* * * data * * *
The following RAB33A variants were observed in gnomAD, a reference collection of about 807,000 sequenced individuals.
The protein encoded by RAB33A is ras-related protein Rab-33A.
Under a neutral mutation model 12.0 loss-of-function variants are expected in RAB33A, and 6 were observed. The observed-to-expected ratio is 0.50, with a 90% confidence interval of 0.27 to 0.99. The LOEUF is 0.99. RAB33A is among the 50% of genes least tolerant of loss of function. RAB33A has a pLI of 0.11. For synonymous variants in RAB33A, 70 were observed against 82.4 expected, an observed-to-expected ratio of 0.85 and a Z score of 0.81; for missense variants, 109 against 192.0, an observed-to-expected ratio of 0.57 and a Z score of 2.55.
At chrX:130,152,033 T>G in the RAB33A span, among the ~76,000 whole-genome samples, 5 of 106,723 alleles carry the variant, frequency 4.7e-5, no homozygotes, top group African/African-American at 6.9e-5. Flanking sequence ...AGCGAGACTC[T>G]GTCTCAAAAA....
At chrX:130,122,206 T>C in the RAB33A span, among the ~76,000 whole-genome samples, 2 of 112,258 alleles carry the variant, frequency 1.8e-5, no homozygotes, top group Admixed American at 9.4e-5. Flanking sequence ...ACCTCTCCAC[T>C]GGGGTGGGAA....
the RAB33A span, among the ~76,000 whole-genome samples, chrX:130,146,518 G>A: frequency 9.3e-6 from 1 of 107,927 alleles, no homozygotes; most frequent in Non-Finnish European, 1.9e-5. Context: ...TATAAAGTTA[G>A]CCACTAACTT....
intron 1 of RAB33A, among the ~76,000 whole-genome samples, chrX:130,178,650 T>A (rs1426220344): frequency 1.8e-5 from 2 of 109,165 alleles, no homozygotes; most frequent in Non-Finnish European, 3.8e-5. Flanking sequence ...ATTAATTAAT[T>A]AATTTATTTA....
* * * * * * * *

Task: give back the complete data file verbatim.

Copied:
The following RAB33A variants were observed in gnomAD, a reference collection of about 807,000 sequenced individuals.
The protein encoded by RAB33A is ras-related protein Rab-33A.
Under a neutral mutation model 12.0 loss-of-function variants are expected in RAB33A, and 6 were observed. The observed-to-expected ratio is 0.50, with a 90% confidence interval of 0.27 to 0.99. The LOEUF is 0.99. RAB33A is among the 50% of genes least tolerant of loss of function. RAB33A has a pLI of 0.11. For synonymous variants in RAB33A, 70 were observed against 82.4 expected, an observed-to-expected ratio of 0.85 and a Z score of 0.81; for missense variants, 109 against 192.0, an observed-to-expected ratio of 0.57 and a Z score of 2.55.
At chrX:130,152,033 T>G in the RAB33A span, among the ~76,000 whole-genome samples, 5 of 106,723 alleles carry the variant, frequency 4.7e-5, no homozygotes, top group African/African-American at 6.9e-5. Flanking sequence ...AGCGAGACTC[T>G]GTCTCAAAAA....
At chrX:130,122,206 T>C in the RAB33A span, among the ~76,000 whole-genome samples, 2 of 112,258 alleles carry the variant, frequency 1.8e-5, no homozygotes, top group Admixed American at 9.4e-5. Flanking sequence ...ACCTCTCCAC[T>C]GGGGTGGGAA....
the RAB33A span, among the ~76,000 whole-genome samples, chrX:130,146,518 G>A: frequency 9.3e-6 from 1 of 107,927 alleles, no homozygotes; most frequent in Non-Finnish European, 1.9e-5. Context: ...TATAAAGTTA[G>A]CCACTAACTT....
intron 1 of RAB33A, among the ~76,000 whole-genome samples, chrX:130,178,650 T>A (rs1426220344): frequency 1.8e-5 from 2 of 109,165 alleles, no homozygotes; most frequent in Non-Finnish European, 3.8e-5. Flanking sequence ...ATTAATTAAT[T>A]AATTTATTTA....